Statistics show that the divorce rate in the United States is 3.2 in every 1,000 people. The majority of these divorces also involve child custody disputes. The question of who should be granted custodial rights is a subjective one, and there will always be conflicting opinions on both sides. In cases where the parents cannot resolve the issue amongst themselves in divorce mediation, the decision is made for them by a family court judge.
Custody and visitation orders are usually based on the “best interests of the child” standard. Basically, this means that the custody and visitation arrangements will be made to tailor fit the child’s needs. There are many different factors that constitute this standard, some are provided for by the law, but some are within the discretion of the courts. Every child is unique, which means every custody determination case must be dealt with in accordance with the child’s specific situation.
In some states, there are statutory provisions that state the factors to be considered in custody determinations. In California, for instance, the courts are guided by Sec. 3011 of the Family Code in making decisions. Ultimately, the court will be taking into consideration the following:
- Overall health, safety, and welfare of the child. It is a given that the court will prioritize this factor over everything else because it is the child that needs the most help in instances of a family breaking. The parent or guardian fighting for custody must be able to provide for the child’s basic needs to live a comfortable life. In cases of children who require special care, the parent who knows how to answer to these needs will have an edge over the other who cannot do the same.
- Continuity and consistency. As much as possible, the courts want the child to keep doing their daily routine, and will do their best not to disrupt the same. The comfort and security of the child is a major factor in custody determinations because the courts recognize the importance of stability and continuity in the child’s development.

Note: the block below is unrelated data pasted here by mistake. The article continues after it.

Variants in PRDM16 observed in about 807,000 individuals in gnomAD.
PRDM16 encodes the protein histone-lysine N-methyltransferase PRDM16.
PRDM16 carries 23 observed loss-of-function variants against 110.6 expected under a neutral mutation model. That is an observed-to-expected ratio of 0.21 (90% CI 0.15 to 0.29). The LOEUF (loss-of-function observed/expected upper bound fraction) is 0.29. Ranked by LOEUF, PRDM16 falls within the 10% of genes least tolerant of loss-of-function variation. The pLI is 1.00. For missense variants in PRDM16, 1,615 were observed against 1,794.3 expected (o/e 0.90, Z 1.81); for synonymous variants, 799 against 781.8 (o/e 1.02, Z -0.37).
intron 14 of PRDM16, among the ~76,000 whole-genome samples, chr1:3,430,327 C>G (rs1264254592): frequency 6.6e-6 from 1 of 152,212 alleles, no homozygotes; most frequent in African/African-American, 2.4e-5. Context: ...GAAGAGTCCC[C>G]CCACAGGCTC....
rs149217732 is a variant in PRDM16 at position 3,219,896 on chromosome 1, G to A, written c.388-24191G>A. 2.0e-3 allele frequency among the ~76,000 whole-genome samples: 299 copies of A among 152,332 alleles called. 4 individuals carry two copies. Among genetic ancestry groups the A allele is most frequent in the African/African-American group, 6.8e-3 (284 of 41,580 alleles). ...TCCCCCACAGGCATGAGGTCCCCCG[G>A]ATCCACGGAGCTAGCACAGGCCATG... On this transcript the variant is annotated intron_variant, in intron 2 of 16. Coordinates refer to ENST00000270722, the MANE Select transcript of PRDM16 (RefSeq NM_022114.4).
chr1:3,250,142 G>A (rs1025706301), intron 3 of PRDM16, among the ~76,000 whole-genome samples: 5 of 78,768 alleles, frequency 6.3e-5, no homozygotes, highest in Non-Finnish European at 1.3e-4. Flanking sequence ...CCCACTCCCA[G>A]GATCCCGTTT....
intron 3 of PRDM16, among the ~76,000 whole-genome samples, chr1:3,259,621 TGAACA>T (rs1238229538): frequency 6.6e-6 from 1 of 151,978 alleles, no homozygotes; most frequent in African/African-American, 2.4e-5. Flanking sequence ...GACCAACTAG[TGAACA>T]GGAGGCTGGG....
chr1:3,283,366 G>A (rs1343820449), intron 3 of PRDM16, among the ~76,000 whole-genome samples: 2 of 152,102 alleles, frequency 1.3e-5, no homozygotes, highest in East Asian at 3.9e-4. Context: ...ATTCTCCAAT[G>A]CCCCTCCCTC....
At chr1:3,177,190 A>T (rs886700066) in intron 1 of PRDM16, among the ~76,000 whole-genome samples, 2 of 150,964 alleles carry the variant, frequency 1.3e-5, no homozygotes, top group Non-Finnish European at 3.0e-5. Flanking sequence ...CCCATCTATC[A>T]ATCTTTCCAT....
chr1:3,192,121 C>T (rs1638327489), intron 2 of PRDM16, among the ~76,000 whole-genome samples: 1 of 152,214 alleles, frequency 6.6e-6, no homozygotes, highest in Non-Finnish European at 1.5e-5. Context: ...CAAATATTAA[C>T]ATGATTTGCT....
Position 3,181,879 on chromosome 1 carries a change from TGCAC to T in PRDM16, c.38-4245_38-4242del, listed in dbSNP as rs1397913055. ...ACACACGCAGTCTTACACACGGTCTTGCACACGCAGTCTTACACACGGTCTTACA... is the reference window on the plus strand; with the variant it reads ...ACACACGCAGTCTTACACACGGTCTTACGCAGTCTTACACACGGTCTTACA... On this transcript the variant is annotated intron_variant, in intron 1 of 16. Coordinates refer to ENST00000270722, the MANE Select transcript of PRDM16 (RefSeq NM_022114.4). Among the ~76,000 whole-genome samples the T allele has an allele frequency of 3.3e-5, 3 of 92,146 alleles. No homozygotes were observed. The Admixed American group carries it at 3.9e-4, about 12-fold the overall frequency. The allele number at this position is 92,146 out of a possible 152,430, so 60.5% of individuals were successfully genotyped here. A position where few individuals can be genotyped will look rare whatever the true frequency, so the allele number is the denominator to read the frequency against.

- The child’s preference. In some instances, the court may consider the child’s actual preference. This may be affected by the nature of the parent-child relationship or the amount of time the child spends with either parent.
- The occurrence of domestic violence. If there is a history of abuse by one parent, even if it is not directed towards the child, it may be considered by the court as a point against the perpetrator. It will be presumed that the safety of the child might be compromised, should the court decide to grant custody to the parent who tends to be abusive. Reasonably, the court reviews the history of abuse or patterns of violence in both parents.
- Alcoholism or history of drug abuse. The use of illegal substances by one parent may disqualify him from acquiring custody rights over the child. The same goes for alcoholism and other addictions.
- The capability of the parent or guardian to care for another. It goes without saying that the person to be granted custody must be physically able to raise the child. If he has illnesses or other disabilities that may hinder him from providing the needs of the child, this will be considered by the courts, as well as financial, mental, and emotional stability.
The courts take on a holistic approach in deciding child custody. They weigh all the factors against each other and do their best to come up with the best arrangement for the child. It is never a Mom versus Dad situation– custody determinations require teamwork and genuine concern for the wellbeing of the child. Because at the end of the day, after all has been said between the parties and small victories seem to have been won, it may be the child who suffers the most in these types of situations.